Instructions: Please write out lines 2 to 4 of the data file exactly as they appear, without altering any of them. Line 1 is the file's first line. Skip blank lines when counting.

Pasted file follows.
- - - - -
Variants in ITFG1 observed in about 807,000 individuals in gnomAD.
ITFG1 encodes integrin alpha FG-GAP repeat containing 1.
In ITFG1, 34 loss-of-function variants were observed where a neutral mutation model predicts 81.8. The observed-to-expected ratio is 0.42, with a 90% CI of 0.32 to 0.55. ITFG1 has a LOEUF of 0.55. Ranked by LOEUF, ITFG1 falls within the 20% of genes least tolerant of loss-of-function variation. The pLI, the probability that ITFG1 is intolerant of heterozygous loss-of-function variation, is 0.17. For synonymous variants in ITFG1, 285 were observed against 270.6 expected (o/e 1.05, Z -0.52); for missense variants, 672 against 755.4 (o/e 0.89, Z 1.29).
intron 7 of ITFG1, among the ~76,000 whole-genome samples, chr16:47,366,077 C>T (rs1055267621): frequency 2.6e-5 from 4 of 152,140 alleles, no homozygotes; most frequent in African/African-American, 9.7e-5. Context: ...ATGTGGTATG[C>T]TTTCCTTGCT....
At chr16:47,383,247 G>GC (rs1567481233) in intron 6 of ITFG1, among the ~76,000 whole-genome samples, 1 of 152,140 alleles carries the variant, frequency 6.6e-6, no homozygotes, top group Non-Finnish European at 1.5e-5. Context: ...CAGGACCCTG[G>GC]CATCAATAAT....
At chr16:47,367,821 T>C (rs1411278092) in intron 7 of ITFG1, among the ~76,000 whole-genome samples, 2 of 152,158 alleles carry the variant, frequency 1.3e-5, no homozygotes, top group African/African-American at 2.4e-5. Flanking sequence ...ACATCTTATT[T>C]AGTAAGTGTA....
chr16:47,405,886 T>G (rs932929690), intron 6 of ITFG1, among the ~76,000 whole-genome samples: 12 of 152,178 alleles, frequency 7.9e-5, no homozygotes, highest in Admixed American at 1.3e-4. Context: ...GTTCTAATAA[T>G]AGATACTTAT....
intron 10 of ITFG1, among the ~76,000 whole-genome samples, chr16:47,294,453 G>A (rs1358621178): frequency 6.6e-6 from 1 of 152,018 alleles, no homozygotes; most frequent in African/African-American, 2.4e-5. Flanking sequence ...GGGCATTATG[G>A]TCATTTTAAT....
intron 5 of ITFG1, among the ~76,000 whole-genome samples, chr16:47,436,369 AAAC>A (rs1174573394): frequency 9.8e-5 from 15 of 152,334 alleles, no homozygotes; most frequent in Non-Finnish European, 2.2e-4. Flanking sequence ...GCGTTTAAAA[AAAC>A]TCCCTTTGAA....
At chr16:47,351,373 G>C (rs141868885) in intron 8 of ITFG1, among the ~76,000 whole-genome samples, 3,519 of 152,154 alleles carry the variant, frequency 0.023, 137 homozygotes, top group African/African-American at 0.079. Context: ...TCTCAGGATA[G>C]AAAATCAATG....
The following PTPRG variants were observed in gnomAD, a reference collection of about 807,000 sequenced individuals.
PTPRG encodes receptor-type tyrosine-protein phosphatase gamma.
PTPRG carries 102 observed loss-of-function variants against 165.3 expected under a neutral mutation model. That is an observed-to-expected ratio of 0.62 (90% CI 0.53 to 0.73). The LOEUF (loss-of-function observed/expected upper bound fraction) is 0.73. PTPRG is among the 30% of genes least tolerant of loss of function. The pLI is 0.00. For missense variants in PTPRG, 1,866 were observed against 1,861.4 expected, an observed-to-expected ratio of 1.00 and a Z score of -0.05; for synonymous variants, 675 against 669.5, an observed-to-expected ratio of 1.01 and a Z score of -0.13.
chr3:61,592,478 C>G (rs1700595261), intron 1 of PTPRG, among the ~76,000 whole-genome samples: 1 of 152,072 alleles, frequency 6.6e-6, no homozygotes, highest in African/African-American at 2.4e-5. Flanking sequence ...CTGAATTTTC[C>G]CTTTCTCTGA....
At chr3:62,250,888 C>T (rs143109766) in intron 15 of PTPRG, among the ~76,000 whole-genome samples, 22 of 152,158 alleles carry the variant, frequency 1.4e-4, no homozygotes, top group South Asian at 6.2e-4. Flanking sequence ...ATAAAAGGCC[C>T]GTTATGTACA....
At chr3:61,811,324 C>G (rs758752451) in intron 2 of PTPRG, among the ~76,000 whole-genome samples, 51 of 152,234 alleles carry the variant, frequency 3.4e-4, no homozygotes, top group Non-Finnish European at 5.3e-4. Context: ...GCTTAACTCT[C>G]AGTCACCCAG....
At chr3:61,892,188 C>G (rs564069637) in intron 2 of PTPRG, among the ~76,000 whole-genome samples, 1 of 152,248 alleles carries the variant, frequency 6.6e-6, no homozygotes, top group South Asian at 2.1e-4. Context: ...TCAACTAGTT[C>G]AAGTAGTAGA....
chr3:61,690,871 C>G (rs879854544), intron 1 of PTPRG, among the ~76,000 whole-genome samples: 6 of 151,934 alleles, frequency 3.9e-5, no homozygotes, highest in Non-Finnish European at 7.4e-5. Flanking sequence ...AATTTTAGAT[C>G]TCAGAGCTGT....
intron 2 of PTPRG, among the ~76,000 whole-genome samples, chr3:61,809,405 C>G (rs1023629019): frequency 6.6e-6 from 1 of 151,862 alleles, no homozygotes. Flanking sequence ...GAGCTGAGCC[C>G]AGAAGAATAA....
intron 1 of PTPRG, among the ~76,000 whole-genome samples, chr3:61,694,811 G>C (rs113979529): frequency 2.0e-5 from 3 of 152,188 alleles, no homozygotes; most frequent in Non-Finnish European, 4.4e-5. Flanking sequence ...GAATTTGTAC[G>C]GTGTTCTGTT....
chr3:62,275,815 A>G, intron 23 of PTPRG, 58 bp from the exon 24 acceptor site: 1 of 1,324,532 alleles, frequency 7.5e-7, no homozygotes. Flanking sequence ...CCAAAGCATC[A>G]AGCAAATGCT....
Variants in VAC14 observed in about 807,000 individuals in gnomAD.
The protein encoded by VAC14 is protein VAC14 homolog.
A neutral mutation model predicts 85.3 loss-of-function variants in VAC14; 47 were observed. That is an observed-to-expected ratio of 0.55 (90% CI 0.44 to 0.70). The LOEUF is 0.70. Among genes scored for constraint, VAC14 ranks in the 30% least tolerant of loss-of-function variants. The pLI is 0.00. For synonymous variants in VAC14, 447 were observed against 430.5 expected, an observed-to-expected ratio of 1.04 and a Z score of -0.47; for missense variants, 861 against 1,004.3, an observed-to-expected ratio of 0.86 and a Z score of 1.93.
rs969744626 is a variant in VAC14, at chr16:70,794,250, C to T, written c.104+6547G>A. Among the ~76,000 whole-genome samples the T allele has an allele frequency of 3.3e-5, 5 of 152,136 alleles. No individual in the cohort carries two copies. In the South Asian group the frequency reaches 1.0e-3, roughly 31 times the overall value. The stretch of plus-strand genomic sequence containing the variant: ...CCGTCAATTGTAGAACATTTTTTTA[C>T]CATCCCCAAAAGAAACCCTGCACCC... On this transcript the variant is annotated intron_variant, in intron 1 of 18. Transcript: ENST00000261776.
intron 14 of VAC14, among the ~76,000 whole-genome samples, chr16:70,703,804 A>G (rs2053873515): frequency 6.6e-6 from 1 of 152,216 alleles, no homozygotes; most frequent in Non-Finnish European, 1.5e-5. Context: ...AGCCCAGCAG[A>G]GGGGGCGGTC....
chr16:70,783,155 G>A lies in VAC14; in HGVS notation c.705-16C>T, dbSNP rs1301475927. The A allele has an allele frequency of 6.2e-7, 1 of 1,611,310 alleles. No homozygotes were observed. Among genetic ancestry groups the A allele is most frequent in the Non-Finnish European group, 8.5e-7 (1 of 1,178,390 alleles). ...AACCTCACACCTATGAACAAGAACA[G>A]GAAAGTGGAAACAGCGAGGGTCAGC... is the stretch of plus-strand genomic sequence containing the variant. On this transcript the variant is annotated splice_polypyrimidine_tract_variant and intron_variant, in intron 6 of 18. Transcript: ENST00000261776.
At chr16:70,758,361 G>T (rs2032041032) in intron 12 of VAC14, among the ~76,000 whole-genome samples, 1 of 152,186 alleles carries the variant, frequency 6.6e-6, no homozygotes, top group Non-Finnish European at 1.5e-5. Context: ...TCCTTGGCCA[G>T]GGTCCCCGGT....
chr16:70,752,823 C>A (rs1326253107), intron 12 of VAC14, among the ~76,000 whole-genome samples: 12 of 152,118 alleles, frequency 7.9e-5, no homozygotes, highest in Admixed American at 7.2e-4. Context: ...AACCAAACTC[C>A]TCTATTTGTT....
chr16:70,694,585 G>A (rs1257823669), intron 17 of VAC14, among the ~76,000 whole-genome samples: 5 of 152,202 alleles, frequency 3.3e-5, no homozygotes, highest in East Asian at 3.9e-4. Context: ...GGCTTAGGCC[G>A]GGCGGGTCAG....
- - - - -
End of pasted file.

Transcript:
ITFG1 encodes integrin alpha FG-GAP repeat containing 1.
In ITFG1, 34 loss-of-function variants were observed where a neutral mutation model predicts 81.8. The observed-to-expected ratio is 0.42, with a 90% CI of 0.32 to 0.55. ITFG1 has a LOEUF of 0.55. Ranked by LOEUF, ITFG1 falls within the 20% of genes least tolerant of loss-of-function variation. The pLI, the probability that ITFG1 is intolerant of heterozygous loss-of-function variation, is 0.17. For synonymous variants in ITFG1, 285 were observed against 270.6 expected (o/e 1.05, Z -0.52); for missense variants, 672 against 755.4 (o/e 0.89, Z 1.29).
intron 7 of ITFG1, among the ~76,000 whole-genome samples, chr16:47,366,077 C>T (rs1055267621): frequency 2.6e-5 from 4 of 152,140 alleles, no homozygotes; most frequent in African/African-American, 9.7e-5. Context: ...ATGTGGTATG[C>T]TTTCCTTGCT....